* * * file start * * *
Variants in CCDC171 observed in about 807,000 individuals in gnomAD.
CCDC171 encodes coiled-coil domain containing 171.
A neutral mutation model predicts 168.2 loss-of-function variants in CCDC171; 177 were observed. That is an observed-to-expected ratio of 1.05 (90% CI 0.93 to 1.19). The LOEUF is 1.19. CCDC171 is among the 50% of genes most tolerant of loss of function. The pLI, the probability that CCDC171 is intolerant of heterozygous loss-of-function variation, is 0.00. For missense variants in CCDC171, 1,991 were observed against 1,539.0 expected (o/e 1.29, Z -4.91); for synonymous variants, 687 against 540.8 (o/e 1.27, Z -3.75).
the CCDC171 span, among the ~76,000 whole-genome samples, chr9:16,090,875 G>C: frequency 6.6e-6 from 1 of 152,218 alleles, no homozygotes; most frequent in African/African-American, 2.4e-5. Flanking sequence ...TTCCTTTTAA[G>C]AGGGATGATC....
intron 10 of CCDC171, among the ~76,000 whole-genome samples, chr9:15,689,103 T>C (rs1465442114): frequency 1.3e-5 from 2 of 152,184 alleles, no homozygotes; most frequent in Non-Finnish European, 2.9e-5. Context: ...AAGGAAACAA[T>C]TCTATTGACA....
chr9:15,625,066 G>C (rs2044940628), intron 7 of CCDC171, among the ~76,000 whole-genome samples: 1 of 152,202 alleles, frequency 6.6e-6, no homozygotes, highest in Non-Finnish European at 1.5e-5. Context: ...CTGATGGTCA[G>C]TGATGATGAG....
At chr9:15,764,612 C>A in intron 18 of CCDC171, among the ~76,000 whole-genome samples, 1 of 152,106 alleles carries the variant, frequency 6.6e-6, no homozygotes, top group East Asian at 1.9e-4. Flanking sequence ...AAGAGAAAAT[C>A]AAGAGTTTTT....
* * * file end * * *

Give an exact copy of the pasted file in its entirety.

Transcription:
Variants in CCDC171 observed in about 807,000 individuals in gnomAD.
CCDC171 encodes coiled-coil domain containing 171.
A neutral mutation model predicts 168.2 loss-of-function variants in CCDC171; 177 were observed. That is an observed-to-expected ratio of 1.05 (90% CI 0.93 to 1.19). The LOEUF is 1.19. CCDC171 is among the 50% of genes most tolerant of loss of function. The pLI, the probability that CCDC171 is intolerant of heterozygous loss-of-function variation, is 0.00. For missense variants in CCDC171, 1,991 were observed against 1,539.0 expected (o/e 1.29, Z -4.91); for synonymous variants, 687 against 540.8 (o/e 1.27, Z -3.75).
the CCDC171 span, among the ~76,000 whole-genome samples, chr9:16,090,875 G>C: frequency 6.6e-6 from 1 of 152,218 alleles, no homozygotes; most frequent in African/African-American, 2.4e-5. Flanking sequence ...TTCCTTTTAA[G>C]AGGGATGATC....
intron 10 of CCDC171, among the ~76,000 whole-genome samples, chr9:15,689,103 T>C (rs1465442114): frequency 1.3e-5 from 2 of 152,184 alleles, no homozygotes; most frequent in Non-Finnish European, 2.9e-5. Context: ...AAGGAAACAA[T>C]TCTATTGACA....
chr9:15,625,066 G>C (rs2044940628), intron 7 of CCDC171, among the ~76,000 whole-genome samples: 1 of 152,202 alleles, frequency 6.6e-6, no homozygotes, highest in Non-Finnish European at 1.5e-5. Context: ...CTGATGGTCA[G>C]TGATGATGAG....
At chr9:15,764,612 C>A in intron 18 of CCDC171, among the ~76,000 whole-genome samples, 1 of 152,106 alleles carries the variant, frequency 6.6e-6, no homozygotes, top group East Asian at 1.9e-4. Flanking sequence ...AAGAGAAAAT[C>A]AAGAGTTTTT....